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Camping on the Olympic Peninsula

Spend the weekend exploring lakes, rainforests, beaches and mountains

Explore the beautiful coast of the Olympic Peninsula at Kalaloch Beach. Photo credit: Missy Bouchat

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If you're new to Joint Base Lewis-McChord (JBLM), it probably hasn't taken you long to realize that when the skies finally clear up, the views are absolutely stunning. As you gaze over the sparkling Puget Sound, you can see clear out to the Olympic Mountain Range. While they seem to be far off in the distance, the drive is surprisingly short, roughly one to three hours from base, depending on your destination, and there is a whole lot more to explore while you're there.

Leave JBLM in the morning, take I-5 North to route 16 all the way out to the Peninsula. You will pass Gig Harbor and Port Orchard, both great places to stop for an awesome breakfast, and grab a photo at the Hobbit House at the Brothers Green House. From there, follow the 3 North up past Bremerton (great stop here to tour the USS Turner Joy), through Silverdale and Poulsbo, also great places to stop and walk around. Poulsbo is small but has great character, as it's referred to as "Little Norway".  We definitely recommend heading all the way up to Port Townsend to see this beautiful little town with stunning architecture. Keep heading north and you will connect with the 104, and pass over the Hood Canal Bridge, the longest floating bridge in the world, connecting the Kitsap Peninsula to the Olympic Peninsula. Not far from here is Sequim, famous for the Olympic National Game Farm, where you can drive through and feed wild game out of your window. From Downtown Port Angeles, you can see views of Canada across the Straight of Juan de Fuca, as well as the impressive coast guard station. The Hoh Rainforest isn't far from there, as well as Hurricane Ridge and Dungeness Spit, the longest natural sand spit in the United States. From there, move along to the western coast and explore the incredible beaches, including La Push, Ruby Beach, and Kalaloch. You can spend the entire day at these beaches -- they are absolutely stunning. As you head south, you can move inland and explore the Quinault Rain Forest, or head straight to Ocean Shores, another fun, family destination.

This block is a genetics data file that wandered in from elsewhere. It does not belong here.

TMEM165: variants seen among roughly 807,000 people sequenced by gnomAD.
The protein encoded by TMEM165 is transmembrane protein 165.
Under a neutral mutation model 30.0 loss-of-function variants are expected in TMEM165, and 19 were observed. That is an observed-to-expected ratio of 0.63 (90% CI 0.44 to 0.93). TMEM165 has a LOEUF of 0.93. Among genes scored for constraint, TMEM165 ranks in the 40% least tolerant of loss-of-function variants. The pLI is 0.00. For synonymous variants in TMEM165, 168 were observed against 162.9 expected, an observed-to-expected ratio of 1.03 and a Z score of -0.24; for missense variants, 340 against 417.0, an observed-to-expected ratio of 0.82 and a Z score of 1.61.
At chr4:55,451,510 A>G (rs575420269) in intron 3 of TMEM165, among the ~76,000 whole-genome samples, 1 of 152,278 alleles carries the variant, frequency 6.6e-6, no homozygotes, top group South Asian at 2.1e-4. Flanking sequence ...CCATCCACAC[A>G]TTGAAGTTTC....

There are camping options galore all over the Olympic Peninsula. You'll find an assortment from rustic tent sites to sites with RV water and electrical hookups - even fancy yurts! One thing to consider when exploring the Peninsula is whether you plan to bring Fido along. There are many camp sites that are pet-friendly, but the trails inside the Olympic National Forest, as well as a few of the beaches, do not allow dogs. This is to protect the wildlife as well as your pet. There are many great resources online that explain where you can and cannot go with your pup, just be sure to reference before you head out.

When you are ready to leave the urban streets of Tacoma and Olympia behind you, and are seeking an all natural experience away from the comforts and amenities we've all grown accustomed to, then clear the day or weekend for a trip out to the Olympic Peninsula. There are over 1,400 square miles of untouched and undisturbed nature, as the Peninsula is home to both the Olympic National Forest and the Olympic National Park, as well as three Native American reservations. You can explore multiple rainforests, waterfalls, natural hot springs, miles of sandy beaches, and hundreds of hiking trails. There are many destinations that are easy day trips from JBLM, but if you really want to get down and dirty, we recommend spending an entire weekend exploring.

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